Low attendance figures continue at U-20 World Cup, but why?

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As the knockout stages of the Under-20 World Cup begins in Turkey today, one factor is hugely noticeable as the world’s top young talent continue to square off.

Where are all the fans?

Game after game the attendances seem to have got worse, with only the Turkish U-20 team able to draw decent crowds. Other nations such as Iraq and Egypt have had sizable followings, given their closeness geographically, but that is about as good as it gets.

Trying to analyze why the crowd numbers are so low isn’t easy. But one aspect sticks out more than most.

Location, location, location.

Despite being just within the boundaries of Europe, Turkey sits thousands of miles away from the huge conurbations of London, Paris, Western Germany and the larger cities in Spain, Italy and central Europe.

Those are the regions soccer fans inhabit more readily than any other areas. They have more disposable income and are willing to travel to watch soccer games, however with the European championships occurring in Poland and Ukraine last time out, European soccer fans may have had enough of traveling so far out East to cheer on their nations.

FIFA have aired their displeasure at the low attendances with the Chairman of the Organizing Committee, Jim Boyce, speaking of the disappointing figures.

“Despite the Local Organizing Committee’s excellent event preparation, I am nevertheless very disappointed by the match attendance figures,” Boyce said. “This tournament is a wonderful chance for Turkey, but the low number of spectators currently detracts from this opportunity.”

But one other huge factor that has hampered crowd figures across Turkey, is the large anti-government protest that erupted in the weeks leading up to the U-20 World Cup.

(MORE: USA begin U-20 World Cup quest vs. Spain)

For me, that is a huge reason why fans are not attending the tournament. Couple that with the current unrest in the region as a whole — more violent outbreaks in Syria, Egypt and Iraq have broken out during the event — and many supporters from the Western world have been put off. Turkey’s long-term aim to get into the EU seems to have vanished, and having failures at  tournaments such as this will impact the country’s ability to attract other high profile sporting events in the future.

During the opening 12 games of the tournament, the average attendance was a mere 4,828 spectators per game, which was in fact the lowest figures since the U-20 World Cup began in 1977.

On the eve of the tournament on June 20, just 300,000 tickets were sold. 1.3 million were available, meaning over 75% of tickets went unsold. That is remarkable.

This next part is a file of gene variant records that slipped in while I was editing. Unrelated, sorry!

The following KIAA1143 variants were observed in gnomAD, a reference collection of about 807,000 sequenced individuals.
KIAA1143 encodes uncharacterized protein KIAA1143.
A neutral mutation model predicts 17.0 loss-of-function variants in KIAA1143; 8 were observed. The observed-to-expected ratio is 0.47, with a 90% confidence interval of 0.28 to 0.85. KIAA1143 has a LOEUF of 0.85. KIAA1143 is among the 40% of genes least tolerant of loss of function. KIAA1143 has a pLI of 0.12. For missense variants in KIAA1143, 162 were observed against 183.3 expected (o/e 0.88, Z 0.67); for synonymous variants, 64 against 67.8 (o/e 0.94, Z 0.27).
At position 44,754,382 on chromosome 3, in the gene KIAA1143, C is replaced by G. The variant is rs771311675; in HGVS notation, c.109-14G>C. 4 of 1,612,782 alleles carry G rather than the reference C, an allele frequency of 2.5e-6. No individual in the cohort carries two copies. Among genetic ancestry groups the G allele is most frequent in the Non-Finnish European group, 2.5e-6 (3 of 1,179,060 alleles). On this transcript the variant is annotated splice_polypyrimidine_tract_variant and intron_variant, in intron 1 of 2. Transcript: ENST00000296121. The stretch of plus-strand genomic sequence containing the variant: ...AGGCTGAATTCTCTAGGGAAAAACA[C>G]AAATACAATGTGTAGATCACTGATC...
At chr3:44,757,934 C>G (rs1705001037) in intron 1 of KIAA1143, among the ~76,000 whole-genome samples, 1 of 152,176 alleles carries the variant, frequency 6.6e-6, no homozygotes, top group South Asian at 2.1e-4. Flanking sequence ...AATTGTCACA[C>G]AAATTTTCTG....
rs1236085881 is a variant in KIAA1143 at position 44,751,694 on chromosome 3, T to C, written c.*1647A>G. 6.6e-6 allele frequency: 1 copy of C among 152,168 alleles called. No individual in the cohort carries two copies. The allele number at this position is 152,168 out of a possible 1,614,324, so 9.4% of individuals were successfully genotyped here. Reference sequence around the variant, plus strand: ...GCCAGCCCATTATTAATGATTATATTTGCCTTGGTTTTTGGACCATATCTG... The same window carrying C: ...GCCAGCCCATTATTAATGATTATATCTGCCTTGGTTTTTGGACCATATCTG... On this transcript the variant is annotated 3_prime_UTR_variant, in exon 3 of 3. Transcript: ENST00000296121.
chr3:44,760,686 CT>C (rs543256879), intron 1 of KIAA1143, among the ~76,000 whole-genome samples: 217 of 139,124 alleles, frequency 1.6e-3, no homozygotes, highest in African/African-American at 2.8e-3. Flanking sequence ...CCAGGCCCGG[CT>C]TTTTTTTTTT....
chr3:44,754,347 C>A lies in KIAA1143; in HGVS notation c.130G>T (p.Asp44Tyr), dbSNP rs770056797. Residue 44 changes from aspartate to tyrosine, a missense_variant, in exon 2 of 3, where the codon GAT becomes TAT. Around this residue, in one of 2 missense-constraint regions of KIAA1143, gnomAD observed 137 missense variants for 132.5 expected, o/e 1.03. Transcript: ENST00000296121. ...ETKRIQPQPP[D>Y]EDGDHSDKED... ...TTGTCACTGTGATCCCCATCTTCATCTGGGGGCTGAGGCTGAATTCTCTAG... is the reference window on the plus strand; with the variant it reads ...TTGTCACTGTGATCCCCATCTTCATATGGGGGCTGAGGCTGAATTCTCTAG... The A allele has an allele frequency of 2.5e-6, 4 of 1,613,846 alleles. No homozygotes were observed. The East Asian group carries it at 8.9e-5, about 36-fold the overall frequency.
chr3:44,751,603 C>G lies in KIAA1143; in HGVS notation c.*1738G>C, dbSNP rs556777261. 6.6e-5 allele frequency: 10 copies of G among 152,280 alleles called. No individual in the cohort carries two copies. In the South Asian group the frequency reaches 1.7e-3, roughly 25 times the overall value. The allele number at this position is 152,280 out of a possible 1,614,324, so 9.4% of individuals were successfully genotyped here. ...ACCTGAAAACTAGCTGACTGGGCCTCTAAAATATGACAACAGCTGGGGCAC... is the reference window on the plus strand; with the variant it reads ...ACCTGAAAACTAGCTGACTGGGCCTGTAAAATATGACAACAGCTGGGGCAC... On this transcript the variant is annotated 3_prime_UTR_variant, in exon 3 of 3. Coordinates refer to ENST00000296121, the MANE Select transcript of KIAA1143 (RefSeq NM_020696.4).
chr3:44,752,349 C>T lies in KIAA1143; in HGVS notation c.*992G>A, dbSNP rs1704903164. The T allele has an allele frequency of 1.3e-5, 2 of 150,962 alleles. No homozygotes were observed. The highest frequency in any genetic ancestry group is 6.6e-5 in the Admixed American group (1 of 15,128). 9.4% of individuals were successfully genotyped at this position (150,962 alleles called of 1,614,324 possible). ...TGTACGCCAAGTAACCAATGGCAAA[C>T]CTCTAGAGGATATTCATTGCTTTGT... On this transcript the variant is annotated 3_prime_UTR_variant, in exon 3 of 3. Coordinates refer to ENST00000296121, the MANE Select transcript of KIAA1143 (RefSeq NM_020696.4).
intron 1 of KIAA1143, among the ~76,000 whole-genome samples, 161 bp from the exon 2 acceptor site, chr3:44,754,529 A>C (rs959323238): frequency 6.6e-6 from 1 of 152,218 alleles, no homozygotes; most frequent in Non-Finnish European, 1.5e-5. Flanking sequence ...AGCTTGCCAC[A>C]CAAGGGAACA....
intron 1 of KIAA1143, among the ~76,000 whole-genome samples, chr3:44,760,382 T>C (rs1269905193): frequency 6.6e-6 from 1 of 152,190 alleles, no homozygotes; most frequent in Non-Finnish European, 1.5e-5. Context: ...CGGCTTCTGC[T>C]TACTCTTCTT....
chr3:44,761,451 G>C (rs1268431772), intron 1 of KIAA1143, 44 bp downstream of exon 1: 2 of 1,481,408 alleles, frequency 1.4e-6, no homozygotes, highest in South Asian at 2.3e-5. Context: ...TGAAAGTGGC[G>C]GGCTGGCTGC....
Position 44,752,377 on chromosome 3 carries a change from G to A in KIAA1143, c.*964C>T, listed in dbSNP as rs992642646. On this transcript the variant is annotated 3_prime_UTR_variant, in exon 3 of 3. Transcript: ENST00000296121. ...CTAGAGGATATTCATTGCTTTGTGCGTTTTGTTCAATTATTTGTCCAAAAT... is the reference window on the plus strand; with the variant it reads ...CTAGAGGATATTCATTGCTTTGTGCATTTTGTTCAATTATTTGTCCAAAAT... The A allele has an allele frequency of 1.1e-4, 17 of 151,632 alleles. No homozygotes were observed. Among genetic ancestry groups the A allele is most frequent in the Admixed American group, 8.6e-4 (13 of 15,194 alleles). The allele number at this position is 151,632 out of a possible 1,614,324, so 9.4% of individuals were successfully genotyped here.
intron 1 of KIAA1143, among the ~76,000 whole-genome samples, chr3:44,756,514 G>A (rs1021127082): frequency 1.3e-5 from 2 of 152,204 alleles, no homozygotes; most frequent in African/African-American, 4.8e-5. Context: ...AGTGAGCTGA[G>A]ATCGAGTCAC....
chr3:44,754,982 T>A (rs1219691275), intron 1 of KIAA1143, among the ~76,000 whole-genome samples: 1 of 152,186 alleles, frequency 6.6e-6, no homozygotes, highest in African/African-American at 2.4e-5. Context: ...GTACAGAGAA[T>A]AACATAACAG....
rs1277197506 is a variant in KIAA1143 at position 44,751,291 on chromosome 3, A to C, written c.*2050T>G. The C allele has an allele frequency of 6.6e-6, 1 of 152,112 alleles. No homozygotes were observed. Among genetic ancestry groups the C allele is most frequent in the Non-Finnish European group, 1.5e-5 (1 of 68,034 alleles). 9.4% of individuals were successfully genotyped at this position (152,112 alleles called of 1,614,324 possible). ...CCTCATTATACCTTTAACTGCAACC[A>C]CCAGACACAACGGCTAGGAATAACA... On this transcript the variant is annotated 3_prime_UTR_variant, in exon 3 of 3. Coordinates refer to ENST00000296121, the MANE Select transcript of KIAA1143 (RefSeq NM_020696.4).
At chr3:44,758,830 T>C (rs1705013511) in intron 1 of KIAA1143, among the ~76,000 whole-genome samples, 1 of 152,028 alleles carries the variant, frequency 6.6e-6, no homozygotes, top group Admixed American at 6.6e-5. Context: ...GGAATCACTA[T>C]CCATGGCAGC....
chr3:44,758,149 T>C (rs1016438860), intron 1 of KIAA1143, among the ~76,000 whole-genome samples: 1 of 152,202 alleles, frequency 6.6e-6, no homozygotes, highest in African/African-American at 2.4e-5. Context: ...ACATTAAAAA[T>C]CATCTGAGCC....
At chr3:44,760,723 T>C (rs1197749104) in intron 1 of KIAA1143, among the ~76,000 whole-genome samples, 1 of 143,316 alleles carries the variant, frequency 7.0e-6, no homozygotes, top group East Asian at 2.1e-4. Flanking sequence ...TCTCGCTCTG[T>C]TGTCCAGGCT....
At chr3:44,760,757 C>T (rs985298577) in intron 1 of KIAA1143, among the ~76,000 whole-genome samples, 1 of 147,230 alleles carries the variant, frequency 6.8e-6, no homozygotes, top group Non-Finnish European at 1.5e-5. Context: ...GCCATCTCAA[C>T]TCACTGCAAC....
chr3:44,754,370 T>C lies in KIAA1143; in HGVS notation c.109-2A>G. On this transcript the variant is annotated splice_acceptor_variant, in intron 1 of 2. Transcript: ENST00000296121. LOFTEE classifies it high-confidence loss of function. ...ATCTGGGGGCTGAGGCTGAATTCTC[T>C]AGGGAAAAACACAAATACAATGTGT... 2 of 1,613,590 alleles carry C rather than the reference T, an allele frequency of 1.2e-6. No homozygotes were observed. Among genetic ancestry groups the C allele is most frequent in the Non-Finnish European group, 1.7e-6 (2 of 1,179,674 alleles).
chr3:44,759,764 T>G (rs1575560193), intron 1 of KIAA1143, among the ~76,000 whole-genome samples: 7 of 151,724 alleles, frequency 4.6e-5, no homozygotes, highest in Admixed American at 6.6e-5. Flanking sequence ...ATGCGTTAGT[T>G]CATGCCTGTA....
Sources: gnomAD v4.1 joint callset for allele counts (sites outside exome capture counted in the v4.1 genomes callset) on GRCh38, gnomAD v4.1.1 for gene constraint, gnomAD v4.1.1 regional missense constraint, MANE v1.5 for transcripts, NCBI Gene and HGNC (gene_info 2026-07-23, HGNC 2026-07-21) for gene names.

(MORE: U.S. U-20 squad crashes out of U-20 World Cup after shellacking by Ghana)

People are readily citing the ‘Gezi effect’ for the lack of spectators, following the lengthy protests sparked off across the country due to the governments plans to build shops and other modern buildings in Istanbul’s Taksim Square. The decision to build on such a sacred spot, which dates way back to the Ottoman Empire, has since been delayed. But unrest remains and spectator numbers have been effected.

As we’ve discussed many other issues come into play, you can’t solely blame anti-government protests for poor attendance.

Regardless, you can watch the play get back underway today, as Mexico take on Spain in their tough last-16 clash at 10:45am ET this morning, live on ESPNU, ESPN3.com and ESPN Deportes in North America.

Hopefully it isn’t in another empty stadium. But, sadly, it probably will be.

AFCON wrap: Diaby’s sensational rip highlights trio of matches

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The Africa Cup of Nations said hello to six more competitors on Monday, with a thrilling goal amongst the eight tallied across the competitions in Egypt.

[ MORE: Copa America roundup ]


Mali 4-1 Mauritania

Two different men named Adama Traore — neither of them the Wolves winger — joined Moussa Marega on the score sheet but it’s difficult to describe the class and small margins that defined the tournament’s goal of the day.

Sporting Lisbon’s Abdoulay Diaby somehow got this shot off through two defenders and into the upper reaches of the goal to open the scoring in the three-goal win for Mali, which is having some summer when you take into account the U-20 World Cup.

Ivory Coast 1-0 South Africa